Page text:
New Tailsman Gold Mines Limited (NZX:NTL) was trading flat at NZ$0.008 on 19 June, while New Zealand Oil & Gas Ltd (NZX:NZO) fell by 1.82% and was at NZ$0.540.
SkyCity Entertainment Group Limited (NZX:SKC), a company that runs hotels, which is reliant on international travellers with its casinos gaining from wealthy customers, rose 4.78% to NZ$2.85. Scott Technology Limited (NZX:SCT) rose 2.86% to NZ$1.80 while SeaDragon Limited (NZX:SEA) was at NZ$0.042.
On 19 June 2020, one NZ$ was buying 64.28 US cents (at NZST 18:43 PM), up 0.02%.
NZ has 3 COVID-19 cases
NZ had no active cases and was declared coronavirus free until 15 June. The country was able to fight coronavirus in a short span of time as it imposed a 75-day lockdown period applicable to businesses as well for 7 weeks.
However, by 19 June 2020, there were 3 active cases of coronavirus out of which 2 were detected among 2 females travelling from the UK and 1 case was traced in a man flying back from Pakistan to New Zealand. PM Jacinda Arden is aware of the fact that people of New Zealand had lost confidence in the way government handled coronavirus cases at the nation’s border. Therefore, her primary attention would be on rebuilding the faith in people, government, and ministers.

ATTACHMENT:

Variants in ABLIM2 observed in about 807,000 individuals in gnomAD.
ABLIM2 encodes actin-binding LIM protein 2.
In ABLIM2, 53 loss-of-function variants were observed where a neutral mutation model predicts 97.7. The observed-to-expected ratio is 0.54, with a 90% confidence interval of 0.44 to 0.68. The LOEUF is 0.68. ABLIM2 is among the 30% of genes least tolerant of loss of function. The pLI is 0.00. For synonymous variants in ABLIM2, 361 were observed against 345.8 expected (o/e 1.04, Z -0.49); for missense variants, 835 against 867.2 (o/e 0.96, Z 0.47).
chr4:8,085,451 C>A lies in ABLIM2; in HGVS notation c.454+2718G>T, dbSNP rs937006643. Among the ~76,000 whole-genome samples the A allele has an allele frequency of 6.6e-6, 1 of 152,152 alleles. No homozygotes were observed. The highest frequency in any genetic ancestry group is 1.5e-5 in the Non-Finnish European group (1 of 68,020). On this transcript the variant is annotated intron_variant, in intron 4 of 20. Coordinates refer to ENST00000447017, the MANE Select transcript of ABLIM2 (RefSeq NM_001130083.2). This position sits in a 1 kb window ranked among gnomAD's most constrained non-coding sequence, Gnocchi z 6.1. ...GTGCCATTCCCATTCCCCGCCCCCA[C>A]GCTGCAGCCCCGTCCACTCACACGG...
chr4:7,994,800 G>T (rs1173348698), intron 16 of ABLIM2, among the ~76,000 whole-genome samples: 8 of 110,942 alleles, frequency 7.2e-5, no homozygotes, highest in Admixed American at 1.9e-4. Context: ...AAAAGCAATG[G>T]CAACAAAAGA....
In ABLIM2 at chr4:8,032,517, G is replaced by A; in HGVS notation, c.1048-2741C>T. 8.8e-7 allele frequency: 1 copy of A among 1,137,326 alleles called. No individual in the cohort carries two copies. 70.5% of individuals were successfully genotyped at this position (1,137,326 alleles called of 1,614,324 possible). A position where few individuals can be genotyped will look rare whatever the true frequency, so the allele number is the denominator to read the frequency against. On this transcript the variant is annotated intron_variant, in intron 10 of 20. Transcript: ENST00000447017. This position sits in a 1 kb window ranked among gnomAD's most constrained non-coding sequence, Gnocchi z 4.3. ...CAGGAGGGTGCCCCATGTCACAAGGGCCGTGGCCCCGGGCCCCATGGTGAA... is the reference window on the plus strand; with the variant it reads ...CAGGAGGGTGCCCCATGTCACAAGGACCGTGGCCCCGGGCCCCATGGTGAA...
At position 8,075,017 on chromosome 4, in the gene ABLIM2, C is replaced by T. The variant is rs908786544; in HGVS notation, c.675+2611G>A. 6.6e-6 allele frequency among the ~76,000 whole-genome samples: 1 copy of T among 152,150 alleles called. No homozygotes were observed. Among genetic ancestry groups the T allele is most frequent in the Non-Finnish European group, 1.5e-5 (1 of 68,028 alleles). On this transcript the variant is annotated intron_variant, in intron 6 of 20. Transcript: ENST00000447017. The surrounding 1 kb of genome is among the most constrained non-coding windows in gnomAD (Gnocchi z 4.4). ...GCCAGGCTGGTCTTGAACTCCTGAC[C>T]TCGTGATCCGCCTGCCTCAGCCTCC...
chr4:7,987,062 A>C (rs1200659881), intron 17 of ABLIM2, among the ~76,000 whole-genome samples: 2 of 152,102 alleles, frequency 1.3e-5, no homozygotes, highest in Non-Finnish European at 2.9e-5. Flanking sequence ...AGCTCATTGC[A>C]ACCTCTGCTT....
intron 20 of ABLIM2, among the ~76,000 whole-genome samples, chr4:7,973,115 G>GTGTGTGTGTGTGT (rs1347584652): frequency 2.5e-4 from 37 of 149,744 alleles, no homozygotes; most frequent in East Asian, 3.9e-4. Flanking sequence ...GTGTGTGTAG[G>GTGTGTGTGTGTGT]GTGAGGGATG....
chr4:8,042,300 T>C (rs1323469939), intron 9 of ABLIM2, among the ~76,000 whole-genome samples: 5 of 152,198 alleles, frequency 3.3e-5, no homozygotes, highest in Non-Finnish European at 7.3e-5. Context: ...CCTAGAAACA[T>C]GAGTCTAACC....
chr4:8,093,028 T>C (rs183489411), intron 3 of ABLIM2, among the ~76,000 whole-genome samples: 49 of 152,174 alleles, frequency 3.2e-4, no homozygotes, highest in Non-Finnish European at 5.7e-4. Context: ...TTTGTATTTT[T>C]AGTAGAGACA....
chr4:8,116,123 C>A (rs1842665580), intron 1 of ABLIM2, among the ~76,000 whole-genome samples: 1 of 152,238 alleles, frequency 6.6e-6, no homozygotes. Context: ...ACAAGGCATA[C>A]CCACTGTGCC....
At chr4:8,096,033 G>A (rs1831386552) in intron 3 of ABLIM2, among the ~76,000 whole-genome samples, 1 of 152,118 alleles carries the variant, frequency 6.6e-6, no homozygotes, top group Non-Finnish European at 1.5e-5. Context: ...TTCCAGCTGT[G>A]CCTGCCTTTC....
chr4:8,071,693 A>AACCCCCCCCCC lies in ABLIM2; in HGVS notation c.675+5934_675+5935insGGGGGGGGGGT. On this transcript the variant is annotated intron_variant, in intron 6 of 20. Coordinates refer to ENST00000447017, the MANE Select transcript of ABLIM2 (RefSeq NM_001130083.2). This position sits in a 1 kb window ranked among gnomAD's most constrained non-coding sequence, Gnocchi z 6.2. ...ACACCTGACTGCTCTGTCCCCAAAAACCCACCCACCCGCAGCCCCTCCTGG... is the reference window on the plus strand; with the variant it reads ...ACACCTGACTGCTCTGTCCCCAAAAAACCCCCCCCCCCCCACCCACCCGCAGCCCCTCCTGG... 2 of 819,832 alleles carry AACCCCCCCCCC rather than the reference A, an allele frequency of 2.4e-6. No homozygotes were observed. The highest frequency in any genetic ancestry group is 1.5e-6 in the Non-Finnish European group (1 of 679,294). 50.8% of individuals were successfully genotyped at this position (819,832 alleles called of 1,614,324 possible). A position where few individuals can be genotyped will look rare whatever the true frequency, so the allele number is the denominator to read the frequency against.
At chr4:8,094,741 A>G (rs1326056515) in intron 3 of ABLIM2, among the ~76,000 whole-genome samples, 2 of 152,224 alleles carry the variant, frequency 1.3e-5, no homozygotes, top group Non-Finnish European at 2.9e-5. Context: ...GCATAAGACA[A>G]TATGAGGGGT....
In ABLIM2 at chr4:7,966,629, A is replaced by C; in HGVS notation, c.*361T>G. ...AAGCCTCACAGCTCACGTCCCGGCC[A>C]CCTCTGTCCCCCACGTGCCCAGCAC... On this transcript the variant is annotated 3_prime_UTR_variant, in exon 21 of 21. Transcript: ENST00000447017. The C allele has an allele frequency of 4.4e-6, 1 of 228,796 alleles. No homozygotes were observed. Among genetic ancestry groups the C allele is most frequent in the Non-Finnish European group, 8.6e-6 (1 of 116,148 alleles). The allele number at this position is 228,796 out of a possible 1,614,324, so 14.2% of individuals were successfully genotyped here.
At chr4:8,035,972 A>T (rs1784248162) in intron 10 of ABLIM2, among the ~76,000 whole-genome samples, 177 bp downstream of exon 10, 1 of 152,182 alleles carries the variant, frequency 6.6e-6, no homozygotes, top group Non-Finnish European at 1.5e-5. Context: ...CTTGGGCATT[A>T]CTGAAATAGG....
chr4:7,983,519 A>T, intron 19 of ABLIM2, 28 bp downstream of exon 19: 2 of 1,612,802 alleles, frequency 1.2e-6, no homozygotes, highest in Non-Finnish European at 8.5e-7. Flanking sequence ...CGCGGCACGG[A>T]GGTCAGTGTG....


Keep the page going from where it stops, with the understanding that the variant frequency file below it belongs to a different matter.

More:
Until 15 June, NZ had 1504 coronavirus cases and only 22 deaths. The first case was recorded on 28 February and the country on 15 March, NZ closed its borders to foreign travellers with natives coming from somewhere else to self-quarantine for 14 days. A lockdown was announced in late May. Implementation of lockdown measures early and subsequently suppressed the coronavirus outbreak in the country.
NZ concentrated rigidly on active testing and was amongst highest testing rates per capita across the globe. NZ government also had been quite transparent in sending emergency messages to all NZ residents with a clear explanation about the lockdown.